I now run a small business in West Wales. On our farm and nature reserve we run a small campsite and decorate china and sell craft items. We are kept afloat by the very people who would be hit by regional pay. This area is famous for its artists and crafts people, and they provide the indoor entertainment for tourists when the weather is less then perfect. Without these small businesses the Tourist industry would fade away.

    For a high proportion of businesses in Wales (including for example Artists, Crafts People, Guest Houses and Static caravan maintenance businesses, village shops, farriers, etc) the cost of employing people is not a problem. The sparse population means that businesses have to remain small to survive. Many are what the Government calls “micro businesses”, and only employ people on a casual basis. (Reducing wage bills would make no difference, as there would be no productive work for them to do once the tourists went home for the winter.) However the micro businesses provide valued services to rural communities and provide work for other businesses. Things might be different in the major connurbations, but if city dwellers enjoy visiting the country on their days off, they have to remember who their hosts are.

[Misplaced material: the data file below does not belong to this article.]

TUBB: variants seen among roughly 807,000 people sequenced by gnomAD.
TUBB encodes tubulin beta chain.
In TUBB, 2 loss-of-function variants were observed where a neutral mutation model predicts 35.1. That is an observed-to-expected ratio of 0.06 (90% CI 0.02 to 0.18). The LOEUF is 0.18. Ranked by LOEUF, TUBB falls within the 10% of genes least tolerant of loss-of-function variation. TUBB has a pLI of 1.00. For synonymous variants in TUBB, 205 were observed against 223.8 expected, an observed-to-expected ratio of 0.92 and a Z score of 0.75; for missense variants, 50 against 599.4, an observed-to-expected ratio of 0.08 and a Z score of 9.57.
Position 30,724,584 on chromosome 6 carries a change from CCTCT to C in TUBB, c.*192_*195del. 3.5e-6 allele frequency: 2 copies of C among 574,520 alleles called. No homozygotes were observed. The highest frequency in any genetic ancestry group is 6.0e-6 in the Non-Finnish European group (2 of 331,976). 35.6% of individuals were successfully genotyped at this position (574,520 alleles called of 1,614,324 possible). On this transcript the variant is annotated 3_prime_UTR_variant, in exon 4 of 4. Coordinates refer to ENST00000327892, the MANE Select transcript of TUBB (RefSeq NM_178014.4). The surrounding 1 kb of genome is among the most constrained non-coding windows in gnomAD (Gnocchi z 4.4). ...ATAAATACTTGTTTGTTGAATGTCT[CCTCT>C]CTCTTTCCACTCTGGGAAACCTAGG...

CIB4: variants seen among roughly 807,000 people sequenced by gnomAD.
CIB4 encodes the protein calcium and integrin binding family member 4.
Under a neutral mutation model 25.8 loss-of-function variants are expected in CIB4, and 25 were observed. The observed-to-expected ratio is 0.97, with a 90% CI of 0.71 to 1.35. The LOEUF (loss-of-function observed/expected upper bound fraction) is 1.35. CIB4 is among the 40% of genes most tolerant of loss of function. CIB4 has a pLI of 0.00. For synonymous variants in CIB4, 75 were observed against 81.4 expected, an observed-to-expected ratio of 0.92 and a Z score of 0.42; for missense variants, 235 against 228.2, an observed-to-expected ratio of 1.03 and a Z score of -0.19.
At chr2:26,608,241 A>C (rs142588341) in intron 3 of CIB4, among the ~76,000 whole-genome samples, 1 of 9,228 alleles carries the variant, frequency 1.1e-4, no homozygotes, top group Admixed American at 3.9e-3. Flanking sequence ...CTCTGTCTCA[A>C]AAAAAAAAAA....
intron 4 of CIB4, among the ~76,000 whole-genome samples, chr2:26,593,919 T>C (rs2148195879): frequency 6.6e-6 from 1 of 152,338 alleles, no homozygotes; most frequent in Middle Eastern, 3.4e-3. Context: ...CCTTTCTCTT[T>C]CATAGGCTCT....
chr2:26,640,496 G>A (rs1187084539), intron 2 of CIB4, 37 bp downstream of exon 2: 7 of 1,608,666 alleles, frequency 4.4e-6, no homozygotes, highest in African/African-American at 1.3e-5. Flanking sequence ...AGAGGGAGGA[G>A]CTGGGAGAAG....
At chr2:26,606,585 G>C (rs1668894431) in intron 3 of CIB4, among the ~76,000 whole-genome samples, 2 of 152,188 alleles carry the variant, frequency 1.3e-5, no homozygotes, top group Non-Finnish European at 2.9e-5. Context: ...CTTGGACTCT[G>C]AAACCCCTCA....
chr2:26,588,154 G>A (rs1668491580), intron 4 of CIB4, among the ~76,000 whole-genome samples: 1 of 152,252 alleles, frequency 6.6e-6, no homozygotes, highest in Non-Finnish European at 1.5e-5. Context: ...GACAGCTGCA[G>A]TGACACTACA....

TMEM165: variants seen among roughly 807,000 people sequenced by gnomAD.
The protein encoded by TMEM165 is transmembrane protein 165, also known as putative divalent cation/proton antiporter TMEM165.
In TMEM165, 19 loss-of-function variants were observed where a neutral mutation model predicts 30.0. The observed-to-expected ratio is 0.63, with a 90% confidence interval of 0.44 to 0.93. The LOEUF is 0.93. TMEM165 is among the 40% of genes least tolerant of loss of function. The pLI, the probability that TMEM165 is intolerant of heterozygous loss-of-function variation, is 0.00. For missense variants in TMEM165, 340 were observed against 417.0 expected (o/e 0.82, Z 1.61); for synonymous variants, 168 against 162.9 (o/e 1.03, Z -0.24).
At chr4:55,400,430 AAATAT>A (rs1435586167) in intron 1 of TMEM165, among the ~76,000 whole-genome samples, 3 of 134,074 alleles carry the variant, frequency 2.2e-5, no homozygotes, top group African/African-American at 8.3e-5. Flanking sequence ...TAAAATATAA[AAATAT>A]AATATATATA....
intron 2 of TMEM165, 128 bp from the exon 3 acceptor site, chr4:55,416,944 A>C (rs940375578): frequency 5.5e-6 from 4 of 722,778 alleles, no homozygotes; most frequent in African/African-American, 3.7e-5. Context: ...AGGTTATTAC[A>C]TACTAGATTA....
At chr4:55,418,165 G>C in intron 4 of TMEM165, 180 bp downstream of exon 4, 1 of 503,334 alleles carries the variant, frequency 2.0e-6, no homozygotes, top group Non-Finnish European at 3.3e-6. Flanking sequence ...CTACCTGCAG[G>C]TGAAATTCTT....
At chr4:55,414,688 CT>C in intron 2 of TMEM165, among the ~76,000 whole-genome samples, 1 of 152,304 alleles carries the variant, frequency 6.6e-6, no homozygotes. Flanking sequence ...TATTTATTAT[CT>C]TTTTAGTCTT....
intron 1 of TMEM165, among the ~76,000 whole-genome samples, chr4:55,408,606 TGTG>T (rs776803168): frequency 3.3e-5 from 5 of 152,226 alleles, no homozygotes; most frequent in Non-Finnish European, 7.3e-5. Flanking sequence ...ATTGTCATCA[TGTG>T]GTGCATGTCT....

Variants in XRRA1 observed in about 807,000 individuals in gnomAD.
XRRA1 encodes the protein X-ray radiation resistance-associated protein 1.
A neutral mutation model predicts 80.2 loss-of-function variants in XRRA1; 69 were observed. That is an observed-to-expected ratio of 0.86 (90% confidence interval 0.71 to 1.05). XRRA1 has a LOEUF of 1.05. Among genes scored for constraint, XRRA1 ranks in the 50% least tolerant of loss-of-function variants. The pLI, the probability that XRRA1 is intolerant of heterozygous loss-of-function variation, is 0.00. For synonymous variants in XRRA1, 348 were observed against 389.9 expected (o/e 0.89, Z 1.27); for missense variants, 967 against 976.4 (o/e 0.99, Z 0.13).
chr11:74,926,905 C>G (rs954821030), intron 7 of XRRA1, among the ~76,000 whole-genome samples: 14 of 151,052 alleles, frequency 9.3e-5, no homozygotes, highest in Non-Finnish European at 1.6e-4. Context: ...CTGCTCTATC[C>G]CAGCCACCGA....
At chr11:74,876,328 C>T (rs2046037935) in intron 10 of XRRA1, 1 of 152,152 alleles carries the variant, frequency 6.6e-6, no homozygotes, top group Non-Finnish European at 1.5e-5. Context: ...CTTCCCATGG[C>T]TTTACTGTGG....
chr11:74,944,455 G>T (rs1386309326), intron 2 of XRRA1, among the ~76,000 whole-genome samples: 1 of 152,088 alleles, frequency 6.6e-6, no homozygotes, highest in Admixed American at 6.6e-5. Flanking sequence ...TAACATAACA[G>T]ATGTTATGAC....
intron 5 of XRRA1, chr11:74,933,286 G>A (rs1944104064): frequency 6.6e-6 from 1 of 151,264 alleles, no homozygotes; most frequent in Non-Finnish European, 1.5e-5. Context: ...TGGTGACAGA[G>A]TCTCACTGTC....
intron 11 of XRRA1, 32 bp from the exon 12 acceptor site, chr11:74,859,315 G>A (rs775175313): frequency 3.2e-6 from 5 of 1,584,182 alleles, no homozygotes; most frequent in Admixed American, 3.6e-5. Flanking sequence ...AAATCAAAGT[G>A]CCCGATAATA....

City people talk about the higher standard of living in the country. However we pay a price for that. If you run a micro business you find that for much of the year you work 100 hours a week, and miss out on much of the “standard of living” that city peopl get when they visit you rvillage when on holiday. Yes, its beautiful, we have a lovely community and I love being here, but just because the grass appears greener, does not mean that it is actually quite as green as you imagine! And I keep lsong track of this message because my “up to 8Mb/s Broadband” is only getting about 97Kb/s and that results in very strange Browser behaviour indeed!